On paper, this drama has so much potential to succeed as a great romcom – a woman pretending to be younger in order to be employed as a designer, and in the midst of all this, is caught in a love triangle between the dashing CEO and the goofy young MD.
In 34-year-old Lee So Young’s own words, who would want to employ a 30 plus woman with no qualification? The only chance of her ever joining The Style company is to work as a young temp. As with many scripts which rely on deception and lies, the suspense comes from how Lee So Young copes with not being caught at having lied about her age in the first seven or so episodes. It gets tiring after a while, especially after we are forced to believe that she looks really young when the others comment about ‘how young she looks’, or her ‘baby-face’.
And so, So Young joins the design team and she beats everyone hands down in every design competitions. Once her true age is revealed, the other suspenseful moments are whether she would win the design competitions, often centred with frauds to give added advantage to a director’s daughter to win. But of course So Young wins, thanks to the MD’s help.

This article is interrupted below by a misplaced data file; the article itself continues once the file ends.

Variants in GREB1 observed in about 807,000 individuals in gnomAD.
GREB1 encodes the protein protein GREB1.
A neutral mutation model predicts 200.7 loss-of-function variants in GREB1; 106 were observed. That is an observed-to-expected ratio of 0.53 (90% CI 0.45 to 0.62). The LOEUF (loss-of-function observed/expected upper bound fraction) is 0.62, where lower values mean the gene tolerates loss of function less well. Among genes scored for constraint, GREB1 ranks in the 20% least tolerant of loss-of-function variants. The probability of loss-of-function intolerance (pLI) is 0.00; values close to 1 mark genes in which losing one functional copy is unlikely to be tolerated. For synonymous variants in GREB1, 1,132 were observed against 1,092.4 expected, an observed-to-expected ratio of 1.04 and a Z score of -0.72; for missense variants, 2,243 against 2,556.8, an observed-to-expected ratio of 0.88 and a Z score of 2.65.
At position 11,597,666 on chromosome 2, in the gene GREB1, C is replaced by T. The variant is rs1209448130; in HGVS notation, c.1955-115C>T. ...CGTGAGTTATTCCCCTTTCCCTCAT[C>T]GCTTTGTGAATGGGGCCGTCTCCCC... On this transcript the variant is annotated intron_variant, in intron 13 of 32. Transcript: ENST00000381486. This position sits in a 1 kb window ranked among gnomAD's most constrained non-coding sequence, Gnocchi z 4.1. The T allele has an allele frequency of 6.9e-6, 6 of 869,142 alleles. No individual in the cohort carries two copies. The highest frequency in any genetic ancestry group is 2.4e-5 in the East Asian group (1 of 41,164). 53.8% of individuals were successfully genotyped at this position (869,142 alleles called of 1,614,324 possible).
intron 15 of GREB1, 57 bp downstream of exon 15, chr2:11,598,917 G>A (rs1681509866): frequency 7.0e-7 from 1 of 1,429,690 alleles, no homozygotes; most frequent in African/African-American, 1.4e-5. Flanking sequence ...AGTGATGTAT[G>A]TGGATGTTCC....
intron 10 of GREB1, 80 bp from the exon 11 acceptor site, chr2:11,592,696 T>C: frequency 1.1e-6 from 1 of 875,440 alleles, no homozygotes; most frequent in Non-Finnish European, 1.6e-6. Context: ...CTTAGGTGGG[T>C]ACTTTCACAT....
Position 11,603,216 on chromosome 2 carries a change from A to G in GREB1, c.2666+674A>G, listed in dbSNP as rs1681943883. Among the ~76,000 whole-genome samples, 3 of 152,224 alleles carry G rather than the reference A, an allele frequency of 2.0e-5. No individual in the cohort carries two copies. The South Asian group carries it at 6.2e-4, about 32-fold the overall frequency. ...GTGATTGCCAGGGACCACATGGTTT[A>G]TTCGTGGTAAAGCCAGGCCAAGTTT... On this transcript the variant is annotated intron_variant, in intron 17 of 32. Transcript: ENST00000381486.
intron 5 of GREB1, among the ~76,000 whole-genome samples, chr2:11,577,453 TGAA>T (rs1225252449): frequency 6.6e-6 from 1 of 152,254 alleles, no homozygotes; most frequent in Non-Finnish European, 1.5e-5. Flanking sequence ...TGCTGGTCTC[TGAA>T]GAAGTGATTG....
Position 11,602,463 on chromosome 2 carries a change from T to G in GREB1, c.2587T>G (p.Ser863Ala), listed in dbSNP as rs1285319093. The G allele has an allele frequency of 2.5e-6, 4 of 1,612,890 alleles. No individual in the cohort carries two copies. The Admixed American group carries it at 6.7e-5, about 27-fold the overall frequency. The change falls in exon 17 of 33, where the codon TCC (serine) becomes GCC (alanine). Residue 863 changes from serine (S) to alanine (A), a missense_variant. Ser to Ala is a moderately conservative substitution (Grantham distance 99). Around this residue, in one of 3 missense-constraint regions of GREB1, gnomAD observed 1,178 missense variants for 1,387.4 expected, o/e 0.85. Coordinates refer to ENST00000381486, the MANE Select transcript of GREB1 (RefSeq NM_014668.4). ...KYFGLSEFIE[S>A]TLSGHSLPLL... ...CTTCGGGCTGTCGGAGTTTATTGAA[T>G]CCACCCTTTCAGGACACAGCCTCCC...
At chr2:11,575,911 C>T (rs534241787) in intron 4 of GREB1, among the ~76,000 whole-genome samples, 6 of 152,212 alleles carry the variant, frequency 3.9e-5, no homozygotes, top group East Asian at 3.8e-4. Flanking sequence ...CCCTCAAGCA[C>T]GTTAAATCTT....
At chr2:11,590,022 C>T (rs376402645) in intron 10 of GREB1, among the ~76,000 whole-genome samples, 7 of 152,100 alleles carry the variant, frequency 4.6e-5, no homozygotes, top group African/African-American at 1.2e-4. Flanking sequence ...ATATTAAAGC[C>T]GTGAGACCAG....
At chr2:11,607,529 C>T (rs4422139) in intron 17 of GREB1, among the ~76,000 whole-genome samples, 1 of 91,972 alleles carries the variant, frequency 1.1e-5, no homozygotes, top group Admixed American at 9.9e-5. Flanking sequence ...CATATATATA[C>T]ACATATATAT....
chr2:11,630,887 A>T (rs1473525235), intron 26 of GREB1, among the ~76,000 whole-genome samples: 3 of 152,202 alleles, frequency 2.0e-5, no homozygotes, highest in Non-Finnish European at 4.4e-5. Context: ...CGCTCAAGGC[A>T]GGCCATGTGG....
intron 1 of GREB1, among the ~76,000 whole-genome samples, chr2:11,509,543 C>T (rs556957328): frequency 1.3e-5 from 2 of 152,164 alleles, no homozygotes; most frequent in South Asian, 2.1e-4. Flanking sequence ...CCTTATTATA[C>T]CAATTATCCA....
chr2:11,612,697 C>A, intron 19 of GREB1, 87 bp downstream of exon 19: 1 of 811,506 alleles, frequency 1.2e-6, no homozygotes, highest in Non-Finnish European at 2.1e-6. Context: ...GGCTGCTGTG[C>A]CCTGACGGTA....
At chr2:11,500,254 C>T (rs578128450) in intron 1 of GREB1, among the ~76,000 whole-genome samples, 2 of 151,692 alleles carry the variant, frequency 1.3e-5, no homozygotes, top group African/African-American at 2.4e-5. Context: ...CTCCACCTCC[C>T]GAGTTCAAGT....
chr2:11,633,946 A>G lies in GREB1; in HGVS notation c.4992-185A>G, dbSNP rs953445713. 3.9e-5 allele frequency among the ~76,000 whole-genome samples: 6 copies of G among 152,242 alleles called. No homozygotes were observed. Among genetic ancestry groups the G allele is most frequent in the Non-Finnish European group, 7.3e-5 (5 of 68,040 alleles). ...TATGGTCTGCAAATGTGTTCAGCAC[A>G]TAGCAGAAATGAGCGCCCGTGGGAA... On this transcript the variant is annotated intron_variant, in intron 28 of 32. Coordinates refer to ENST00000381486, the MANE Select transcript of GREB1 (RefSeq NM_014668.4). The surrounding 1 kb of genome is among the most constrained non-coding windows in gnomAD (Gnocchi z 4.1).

The 20 episodes drama struggles along in the love triangle between So Young, the eligible, rich CEO Ji Seung Ill (acted by the dashing Ryu Jin) with a young daughter, and the seven-years younger Jin Wook (Daniel Choi). She falls for the younger Jin Wook but their romance is thwarted by Jin Wook’s father. Which Korean father would want his son marrying a much older woman? This romance is made worse by the lack of chemistry between all the three leads. Lee So Young may look young, but she sure behaves like an old lady, with hardly any expression and none the bounce nor bubbly personality we would expect of a baby-faced beauty.
With four Korean dramas showing concurrently now on Starhub at prime time 9m, I wonder why I bother to stick to the end of this series.